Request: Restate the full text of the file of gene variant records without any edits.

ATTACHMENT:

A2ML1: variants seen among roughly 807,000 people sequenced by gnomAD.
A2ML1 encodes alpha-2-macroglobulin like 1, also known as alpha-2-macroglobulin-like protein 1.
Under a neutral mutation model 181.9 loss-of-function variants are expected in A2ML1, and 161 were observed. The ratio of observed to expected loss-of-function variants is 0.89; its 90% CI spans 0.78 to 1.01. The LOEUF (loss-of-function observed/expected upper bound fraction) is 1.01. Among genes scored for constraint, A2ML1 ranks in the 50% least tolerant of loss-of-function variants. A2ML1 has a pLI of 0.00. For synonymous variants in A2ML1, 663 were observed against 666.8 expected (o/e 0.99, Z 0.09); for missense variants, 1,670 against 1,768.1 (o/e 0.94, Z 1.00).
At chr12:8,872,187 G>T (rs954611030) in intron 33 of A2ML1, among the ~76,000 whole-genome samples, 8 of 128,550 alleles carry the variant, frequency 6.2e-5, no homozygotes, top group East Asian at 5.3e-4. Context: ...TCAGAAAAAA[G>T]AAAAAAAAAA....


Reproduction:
A2ML1: variants seen among roughly 807,000 people sequenced by gnomAD.
A2ML1 encodes alpha-2-macroglobulin like 1, also known as alpha-2-macroglobulin-like protein 1.
Under a neutral mutation model 181.9 loss-of-function variants are expected in A2ML1, and 161 were observed. The ratio of observed to expected loss-of-function variants is 0.89; its 90% CI spans 0.78 to 1.01. The LOEUF (loss-of-function observed/expected upper bound fraction) is 1.01. Among genes scored for constraint, A2ML1 ranks in the 50% least tolerant of loss-of-function variants. A2ML1 has a pLI of 0.00. For synonymous variants in A2ML1, 663 were observed against 666.8 expected (o/e 0.99, Z 0.09); for missense variants, 1,670 against 1,768.1 (o/e 0.94, Z 1.00).
At chr12:8,872,187 G>T (rs954611030) in intron 33 of A2ML1, among the ~76,000 whole-genome samples, 8 of 128,550 alleles carry the variant, frequency 6.2e-5, no homozygotes, top group East Asian at 5.3e-4. Context: ...TCAGAAAAAA[G>T]AAAAAAAAAA....